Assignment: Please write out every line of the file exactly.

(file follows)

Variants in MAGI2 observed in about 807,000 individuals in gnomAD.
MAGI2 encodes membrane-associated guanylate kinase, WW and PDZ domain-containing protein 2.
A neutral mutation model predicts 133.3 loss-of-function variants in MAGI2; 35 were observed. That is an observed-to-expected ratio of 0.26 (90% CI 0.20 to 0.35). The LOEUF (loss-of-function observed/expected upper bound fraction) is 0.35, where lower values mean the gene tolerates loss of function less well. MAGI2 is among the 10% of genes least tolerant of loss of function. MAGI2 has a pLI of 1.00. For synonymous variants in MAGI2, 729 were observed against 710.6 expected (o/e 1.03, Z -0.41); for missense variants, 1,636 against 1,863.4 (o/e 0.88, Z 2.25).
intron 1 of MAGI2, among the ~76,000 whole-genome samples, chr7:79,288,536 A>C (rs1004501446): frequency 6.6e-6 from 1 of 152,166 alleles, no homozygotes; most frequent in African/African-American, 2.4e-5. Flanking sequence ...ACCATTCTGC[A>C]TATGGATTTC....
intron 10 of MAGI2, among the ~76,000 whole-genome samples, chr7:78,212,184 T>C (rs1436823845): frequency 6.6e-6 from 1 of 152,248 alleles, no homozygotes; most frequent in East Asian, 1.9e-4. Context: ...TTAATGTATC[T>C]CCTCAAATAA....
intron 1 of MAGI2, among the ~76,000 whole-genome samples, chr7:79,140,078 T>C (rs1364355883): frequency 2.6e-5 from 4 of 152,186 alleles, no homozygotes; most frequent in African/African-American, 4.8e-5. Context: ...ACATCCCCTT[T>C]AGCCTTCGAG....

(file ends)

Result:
Variants in MAGI2 observed in about 807,000 individuals in gnomAD.
MAGI2 encodes membrane-associated guanylate kinase, WW and PDZ domain-containing protein 2.
A neutral mutation model predicts 133.3 loss-of-function variants in MAGI2; 35 were observed. That is an observed-to-expected ratio of 0.26 (90% CI 0.20 to 0.35). The LOEUF (loss-of-function observed/expected upper bound fraction) is 0.35, where lower values mean the gene tolerates loss of function less well. MAGI2 is among the 10% of genes least tolerant of loss of function. MAGI2 has a pLI of 1.00. For synonymous variants in MAGI2, 729 were observed against 710.6 expected (o/e 1.03, Z -0.41); for missense variants, 1,636 against 1,863.4 (o/e 0.88, Z 2.25).
intron 1 of MAGI2, among the ~76,000 whole-genome samples, chr7:79,288,536 A>C (rs1004501446): frequency 6.6e-6 from 1 of 152,166 alleles, no homozygotes; most frequent in African/African-American, 2.4e-5. Flanking sequence ...ACCATTCTGC[A>C]TATGGATTTC....
intron 10 of MAGI2, among the ~76,000 whole-genome samples, chr7:78,212,184 T>C (rs1436823845): frequency 6.6e-6 from 1 of 152,248 alleles, no homozygotes; most frequent in East Asian, 1.9e-4. Context: ...TTAATGTATC[T>C]CCTCAAATAA....
intron 1 of MAGI2, among the ~76,000 whole-genome samples, chr7:79,140,078 T>C (rs1364355883): frequency 2.6e-5 from 4 of 152,186 alleles, no homozygotes; most frequent in African/African-American, 4.8e-5. Context: ...ACATCCCCTT[T>C]AGCCTTCGAG....